The tenant subsequently became insolvent, and the landlord attempted to make a claim against the guarantor. The guarantor argued that the licence constituted an adverse and substantial variation to the terms of the lease, and that it should not be held liable under the guarantee. The High Court accepted the guarantor’s argument, and released the guarantor from its responsibilities under the guarantee.
This case highlights the importance of landlords seeking a guarantor’s consent prior to entering into any contracts or arrangements which significantly vary a lease agreement.
Topland Portfolio No. 1 Limited v Smith News Trading Limited 
Holding Over – Tenant at Will or Periodic Tenant? Before a contracted-out lease ended, the parties’ agents entered discussions about a renewal on similar terms. After lease expiry, it took almost 20 months of occasional negotiation before heads of terms were agreed. The tenant then decided that it needed larger premises, and made
alternative arrangements. Two months later, the tenant’s agent
suggested to the landlord’s agent that the tenant should continue to hold over until their new premises were available in about six months’ time. The landlord’s agent did not reply and the tenant stayed on paying rent until further discussions started over the arrangements for the tenant to vacate. Finally, the tenant told the landlord that its new premises were available and purported to give three months’ notice to leave.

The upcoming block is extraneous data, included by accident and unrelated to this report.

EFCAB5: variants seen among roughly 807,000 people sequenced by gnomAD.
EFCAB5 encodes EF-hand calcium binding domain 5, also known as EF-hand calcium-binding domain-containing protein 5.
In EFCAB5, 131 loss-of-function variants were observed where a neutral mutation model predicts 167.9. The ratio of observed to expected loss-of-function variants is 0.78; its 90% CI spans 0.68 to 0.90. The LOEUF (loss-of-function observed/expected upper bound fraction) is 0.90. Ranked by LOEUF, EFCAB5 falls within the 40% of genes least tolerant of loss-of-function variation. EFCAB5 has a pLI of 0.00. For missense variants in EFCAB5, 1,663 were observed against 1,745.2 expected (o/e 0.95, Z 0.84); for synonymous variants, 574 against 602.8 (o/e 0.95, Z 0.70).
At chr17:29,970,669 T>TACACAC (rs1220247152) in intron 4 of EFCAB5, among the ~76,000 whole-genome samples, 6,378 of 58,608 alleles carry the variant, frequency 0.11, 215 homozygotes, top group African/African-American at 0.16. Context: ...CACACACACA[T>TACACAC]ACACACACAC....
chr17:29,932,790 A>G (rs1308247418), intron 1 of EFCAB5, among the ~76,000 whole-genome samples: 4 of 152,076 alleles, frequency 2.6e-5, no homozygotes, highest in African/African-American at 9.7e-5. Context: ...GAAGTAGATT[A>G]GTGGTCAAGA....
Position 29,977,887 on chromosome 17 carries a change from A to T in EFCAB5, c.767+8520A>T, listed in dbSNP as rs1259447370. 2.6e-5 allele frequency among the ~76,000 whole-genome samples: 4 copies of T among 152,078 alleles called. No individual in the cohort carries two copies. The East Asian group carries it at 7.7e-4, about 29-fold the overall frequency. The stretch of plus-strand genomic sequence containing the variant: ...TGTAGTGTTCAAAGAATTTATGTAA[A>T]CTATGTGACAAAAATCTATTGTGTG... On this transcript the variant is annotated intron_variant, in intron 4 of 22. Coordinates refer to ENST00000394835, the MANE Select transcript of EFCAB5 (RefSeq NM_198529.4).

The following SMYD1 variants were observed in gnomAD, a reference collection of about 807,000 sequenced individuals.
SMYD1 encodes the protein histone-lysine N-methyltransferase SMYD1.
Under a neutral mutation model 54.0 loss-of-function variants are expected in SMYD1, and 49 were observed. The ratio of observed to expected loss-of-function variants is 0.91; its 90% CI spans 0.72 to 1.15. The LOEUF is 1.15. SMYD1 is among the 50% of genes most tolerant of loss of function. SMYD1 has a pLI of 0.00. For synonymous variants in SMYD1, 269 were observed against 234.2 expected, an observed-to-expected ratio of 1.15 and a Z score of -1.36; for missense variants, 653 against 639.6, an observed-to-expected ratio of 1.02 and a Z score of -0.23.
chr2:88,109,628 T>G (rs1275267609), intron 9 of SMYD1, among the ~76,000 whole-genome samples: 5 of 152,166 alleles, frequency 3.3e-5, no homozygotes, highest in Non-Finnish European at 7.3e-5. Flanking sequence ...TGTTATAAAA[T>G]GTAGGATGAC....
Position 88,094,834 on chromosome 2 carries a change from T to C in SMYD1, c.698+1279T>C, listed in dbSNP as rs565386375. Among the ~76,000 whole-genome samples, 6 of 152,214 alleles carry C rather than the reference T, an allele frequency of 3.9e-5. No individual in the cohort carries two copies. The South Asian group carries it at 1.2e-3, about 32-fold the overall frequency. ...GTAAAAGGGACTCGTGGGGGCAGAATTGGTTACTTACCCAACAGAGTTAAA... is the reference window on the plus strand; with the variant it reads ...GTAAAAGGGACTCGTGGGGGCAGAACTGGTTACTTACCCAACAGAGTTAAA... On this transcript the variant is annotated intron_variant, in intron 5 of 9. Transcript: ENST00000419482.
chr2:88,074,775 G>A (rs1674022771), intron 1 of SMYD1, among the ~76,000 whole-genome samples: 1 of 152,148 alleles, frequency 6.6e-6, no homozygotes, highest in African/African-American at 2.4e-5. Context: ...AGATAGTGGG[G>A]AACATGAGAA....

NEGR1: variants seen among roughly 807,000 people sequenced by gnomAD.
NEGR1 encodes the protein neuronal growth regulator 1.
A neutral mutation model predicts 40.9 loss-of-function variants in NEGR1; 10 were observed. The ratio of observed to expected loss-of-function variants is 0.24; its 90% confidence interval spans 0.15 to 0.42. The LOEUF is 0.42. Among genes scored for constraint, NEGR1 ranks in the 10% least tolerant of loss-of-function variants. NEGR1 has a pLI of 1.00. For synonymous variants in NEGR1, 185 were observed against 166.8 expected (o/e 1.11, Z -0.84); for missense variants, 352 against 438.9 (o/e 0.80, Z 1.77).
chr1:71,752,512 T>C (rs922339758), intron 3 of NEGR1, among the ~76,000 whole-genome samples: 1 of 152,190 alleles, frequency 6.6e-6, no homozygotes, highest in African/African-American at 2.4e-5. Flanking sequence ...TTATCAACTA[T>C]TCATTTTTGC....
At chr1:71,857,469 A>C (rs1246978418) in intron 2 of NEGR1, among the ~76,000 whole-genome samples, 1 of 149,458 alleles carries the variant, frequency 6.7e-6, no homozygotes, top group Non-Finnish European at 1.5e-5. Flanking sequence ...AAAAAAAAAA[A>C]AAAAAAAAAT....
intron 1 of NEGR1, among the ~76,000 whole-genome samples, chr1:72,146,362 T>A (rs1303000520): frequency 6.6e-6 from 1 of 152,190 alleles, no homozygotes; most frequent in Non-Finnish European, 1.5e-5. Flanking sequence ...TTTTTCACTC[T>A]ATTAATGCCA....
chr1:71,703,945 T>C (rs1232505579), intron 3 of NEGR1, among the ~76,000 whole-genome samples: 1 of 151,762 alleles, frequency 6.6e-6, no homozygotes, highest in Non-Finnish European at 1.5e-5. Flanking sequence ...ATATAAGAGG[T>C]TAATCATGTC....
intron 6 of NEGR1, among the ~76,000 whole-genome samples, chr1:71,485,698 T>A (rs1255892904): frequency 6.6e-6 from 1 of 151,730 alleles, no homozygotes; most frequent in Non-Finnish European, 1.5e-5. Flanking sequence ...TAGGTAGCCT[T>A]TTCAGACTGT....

The landlord applied to court for a declaration that the tenant was occupying as a periodic tenant and not as a tenant at will. The landlord argued that the earliest the tenant could terminate at common law would be on one year’s notice expiring on a term day, so the tenant had to pay rent at over £170,000 per annum plus service charge and insurance rent for another 13 months.
The court held that the parties’ behaviour following lease expiry was inconsistent with an assumption that the tenant could be asked to leave without warning, which is the essence of a tenancy at will. From the point that it became clear that the tenant would want to move out the tone of what little correspondence passed between the agents, and the fact that no-one was interested in ending the arrangement, or pressing for formal documents to be signed, suggested an understanding that the tenant would be given some notice to vacate the premises. As the tenant was unsure how long it wanted to stay, no agreement could be implied about a fixed term. No lease under English law can be for an indefinite term, so the only form of occupation arrangement which could be implied from the circumstances was a periodic tenancy.